United States District Court, Southern District of New York
August 26, 2003
SEDNEY DELANO, PLAINTIFF, &MDASH; AGAINST &MDASH; CHARLES GREINER, SUPERINTENDENT OF SING SING C.F.; DONALD SELSKY; CAPT. R.J. MINOGUE; SGT. CATOGGIO; C.O. POSSOLO; C.O. RUIZ; C.O. MARTINEZ, DEFENDANTS
The opinion of the court was delivered by: Thomas Griesa, Senior District Judge
Plaintiff Sedney Delano, proceeding pro se, filed this civil rights action under 42 U.S.C. § 1983, alleging that he was severely beaten by corrections officers Catoggio, Possolo, Ruiz and Martinez while an inmate at Sing Sing Correctional Facility. In addition to these four officers, the complaint also names as defendants Superintendent Charles Greiner, Captain R.J. Minogue and a prison employee named Donald Selsky. The court dismissed the complaint against Selsky on September 5, 2001. One of the named correction officers, Possolo, has not been served with the summons and complaint. This means that the action now involves defendants Greiner Minogue, Catoggio, Ruiz and Martinez. Four of the defendants — Minogue, Catoggio, Ruiz and Martinez — have answered the complaint. [ Page 2]
All five remaining defendants move to dismiss the complaint for lack of subject matter jurisdiction under Fed.R.Civ.P. 12(b)(1) and for judgment on the pleadings under Fed.R.Civ.P. 12(c). Defendants argue that the action is barred by failure to exhaust administrative remedies as required by the Prison Litigation Reform Act of 1995 ("PLRA"), 42 U.S.C. § 1997e(a).
The court concludes that the action should be dismissed for failure to exhaust administrative remedies. However, the problem is not a jurisdictional one. It is a failure to show what is necessary to state a valid cause of action. Also, since materials outside the pleadings have been presented and are being considered, defendants' motion will be treated as one for summary judgment. As such, defendants' motion is granted and the action is dismissed.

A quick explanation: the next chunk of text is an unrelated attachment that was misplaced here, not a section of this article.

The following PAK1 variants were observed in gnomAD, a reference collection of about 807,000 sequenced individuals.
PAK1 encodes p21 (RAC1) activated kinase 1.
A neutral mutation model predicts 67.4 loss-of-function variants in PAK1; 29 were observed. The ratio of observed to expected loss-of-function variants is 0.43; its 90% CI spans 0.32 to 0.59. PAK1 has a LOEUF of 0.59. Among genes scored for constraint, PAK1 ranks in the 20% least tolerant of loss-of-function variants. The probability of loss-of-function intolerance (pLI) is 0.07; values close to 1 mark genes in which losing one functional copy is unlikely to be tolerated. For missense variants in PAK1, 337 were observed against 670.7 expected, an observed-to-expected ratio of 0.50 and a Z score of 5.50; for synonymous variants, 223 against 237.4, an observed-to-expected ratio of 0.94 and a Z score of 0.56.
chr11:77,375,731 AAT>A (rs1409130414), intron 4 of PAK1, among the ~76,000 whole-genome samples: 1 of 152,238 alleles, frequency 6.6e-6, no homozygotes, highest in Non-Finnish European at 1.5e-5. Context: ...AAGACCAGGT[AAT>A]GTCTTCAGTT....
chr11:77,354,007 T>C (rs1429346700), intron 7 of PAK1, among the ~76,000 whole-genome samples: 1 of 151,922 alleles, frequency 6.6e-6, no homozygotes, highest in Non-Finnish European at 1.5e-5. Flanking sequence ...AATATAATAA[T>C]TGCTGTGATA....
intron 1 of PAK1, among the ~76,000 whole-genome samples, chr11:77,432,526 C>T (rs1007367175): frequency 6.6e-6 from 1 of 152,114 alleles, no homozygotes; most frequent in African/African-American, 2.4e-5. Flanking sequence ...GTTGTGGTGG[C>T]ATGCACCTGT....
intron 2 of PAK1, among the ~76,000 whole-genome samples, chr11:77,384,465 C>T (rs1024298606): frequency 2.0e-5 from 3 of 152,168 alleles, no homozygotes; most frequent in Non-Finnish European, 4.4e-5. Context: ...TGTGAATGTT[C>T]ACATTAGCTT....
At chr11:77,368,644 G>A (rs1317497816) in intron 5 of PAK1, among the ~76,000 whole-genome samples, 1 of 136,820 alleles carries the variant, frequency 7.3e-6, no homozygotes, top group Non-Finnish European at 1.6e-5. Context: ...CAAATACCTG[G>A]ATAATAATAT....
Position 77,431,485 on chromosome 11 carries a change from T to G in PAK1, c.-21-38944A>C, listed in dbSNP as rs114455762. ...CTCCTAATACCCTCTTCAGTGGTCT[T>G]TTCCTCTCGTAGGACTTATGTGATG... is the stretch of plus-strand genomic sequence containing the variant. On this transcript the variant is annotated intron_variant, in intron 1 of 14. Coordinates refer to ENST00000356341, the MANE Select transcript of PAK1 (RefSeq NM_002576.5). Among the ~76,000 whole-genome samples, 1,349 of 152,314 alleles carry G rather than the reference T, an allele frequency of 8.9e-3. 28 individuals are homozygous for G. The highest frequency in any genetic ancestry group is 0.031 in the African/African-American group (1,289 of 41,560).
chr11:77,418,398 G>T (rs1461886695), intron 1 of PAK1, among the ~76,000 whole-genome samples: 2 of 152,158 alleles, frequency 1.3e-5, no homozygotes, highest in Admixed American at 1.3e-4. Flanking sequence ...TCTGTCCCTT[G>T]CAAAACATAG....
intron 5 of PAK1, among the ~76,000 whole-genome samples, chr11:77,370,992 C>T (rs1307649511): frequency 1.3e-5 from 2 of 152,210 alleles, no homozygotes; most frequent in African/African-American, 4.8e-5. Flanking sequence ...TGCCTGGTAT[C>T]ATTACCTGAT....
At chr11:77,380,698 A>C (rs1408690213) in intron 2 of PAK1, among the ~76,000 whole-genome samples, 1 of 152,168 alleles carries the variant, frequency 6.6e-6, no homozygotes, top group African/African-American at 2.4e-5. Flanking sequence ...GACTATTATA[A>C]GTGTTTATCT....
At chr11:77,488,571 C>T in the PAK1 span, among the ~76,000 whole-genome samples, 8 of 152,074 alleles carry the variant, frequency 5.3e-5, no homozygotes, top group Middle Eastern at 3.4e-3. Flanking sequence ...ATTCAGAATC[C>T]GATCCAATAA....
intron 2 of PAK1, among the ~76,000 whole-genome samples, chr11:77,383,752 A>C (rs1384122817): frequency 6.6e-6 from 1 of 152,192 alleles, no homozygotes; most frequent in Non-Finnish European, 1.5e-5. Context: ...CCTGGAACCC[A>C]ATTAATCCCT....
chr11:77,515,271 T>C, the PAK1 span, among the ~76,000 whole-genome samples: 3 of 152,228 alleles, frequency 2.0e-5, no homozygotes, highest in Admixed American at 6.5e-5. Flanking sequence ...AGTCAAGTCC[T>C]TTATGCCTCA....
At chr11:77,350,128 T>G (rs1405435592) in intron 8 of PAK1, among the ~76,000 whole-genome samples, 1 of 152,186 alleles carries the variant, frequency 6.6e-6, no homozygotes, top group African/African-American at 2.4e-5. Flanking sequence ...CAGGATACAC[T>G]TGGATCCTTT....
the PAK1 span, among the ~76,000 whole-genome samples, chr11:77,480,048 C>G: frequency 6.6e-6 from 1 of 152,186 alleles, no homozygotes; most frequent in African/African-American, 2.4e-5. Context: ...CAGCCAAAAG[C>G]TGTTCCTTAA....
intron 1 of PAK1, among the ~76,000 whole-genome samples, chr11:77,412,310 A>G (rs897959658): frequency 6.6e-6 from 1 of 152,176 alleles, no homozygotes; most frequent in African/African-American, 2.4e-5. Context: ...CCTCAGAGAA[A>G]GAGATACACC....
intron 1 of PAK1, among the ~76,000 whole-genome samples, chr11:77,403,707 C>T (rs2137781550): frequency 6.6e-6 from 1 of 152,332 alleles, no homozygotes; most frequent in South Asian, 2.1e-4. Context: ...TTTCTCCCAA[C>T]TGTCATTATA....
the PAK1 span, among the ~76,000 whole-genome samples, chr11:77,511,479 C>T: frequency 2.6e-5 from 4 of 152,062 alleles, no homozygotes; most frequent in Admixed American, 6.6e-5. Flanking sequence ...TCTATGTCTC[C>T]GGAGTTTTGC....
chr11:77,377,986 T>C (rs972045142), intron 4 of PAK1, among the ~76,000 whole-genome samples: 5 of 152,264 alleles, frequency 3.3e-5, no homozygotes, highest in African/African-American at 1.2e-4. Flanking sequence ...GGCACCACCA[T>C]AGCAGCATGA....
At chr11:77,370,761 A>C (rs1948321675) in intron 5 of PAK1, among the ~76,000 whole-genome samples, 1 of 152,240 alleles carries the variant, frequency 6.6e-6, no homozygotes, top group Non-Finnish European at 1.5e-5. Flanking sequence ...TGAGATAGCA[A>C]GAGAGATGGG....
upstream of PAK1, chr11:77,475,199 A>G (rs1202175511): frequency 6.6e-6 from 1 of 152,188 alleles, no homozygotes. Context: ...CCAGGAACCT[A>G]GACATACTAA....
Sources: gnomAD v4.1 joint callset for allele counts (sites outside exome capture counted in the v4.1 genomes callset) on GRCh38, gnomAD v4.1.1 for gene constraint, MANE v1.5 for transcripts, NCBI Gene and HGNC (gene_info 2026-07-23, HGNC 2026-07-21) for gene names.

The Pleadings and Factual Materials
The pro se plaintiff has submitted his complaint and a series of letters. As described above, four defendants have answered. Also a declaration has been submitted on behalf of all defendants. The declaration is by Thomas Eagen, Director of the Inmate Grievance Program at the New York State Department of Correctional Services. It presents plaintiffs complete file of grievances made at Sing Sing, alleging staff harassment. [ Page 3]
Plaintiff s lawsuit is about an alleged beating that plaintiff says occurred on the afternoon of March 23, 1999, and also about a subsequent disciplinary hearing on charges against plaintiff arising out of the March 23, 1999 incident. Plaintiff claims that he was severely beaten by officers Catoggio, Possolo, Ruiz, Martinez and another corrections officer, Booth, who is not named in the complaint. Plaintiff also claims that Superintendent Greiner knew of the violent tendencies of Catoggio and is liable for Catoggio's actions. Finally, plaintiff alleges that the disciplinary hearing was conducted by Minogue in a manner which violated plaintiffs rights.
New York State has established an administrative procedure for inmate grievances. N.Y. Correctional Law § 139 (McKinney's 2003). An inmate has fourteen calendar days after an incident to file a grievance. 7 N.Y.C.R.R. 701.7(a)(1). A grievance may be resolved informally with the inmate's consent or a hearing must be held by the Inmate Grievance Resolution Commission (IGRC) if there is no informal resolution. 7 N.Y.C.R.R. 701.7(a)(3) and (4). An inmate has a right of appeal from an IGRC decision to the superintendent of the correctional facility and, after that, a right of appeal to the Central Office Review Committee (CORC). 7 N.Y.C.R.R. 701.7(b) and (c). Appeal to the CORC exhausts the inmate's administrative remedy. Mendoza v. Goord, No. 00 Civ. 0146, 2002 WL 31654855, at *2 (S.D.N.Y. Nov. 21, 2002). [ Page 4]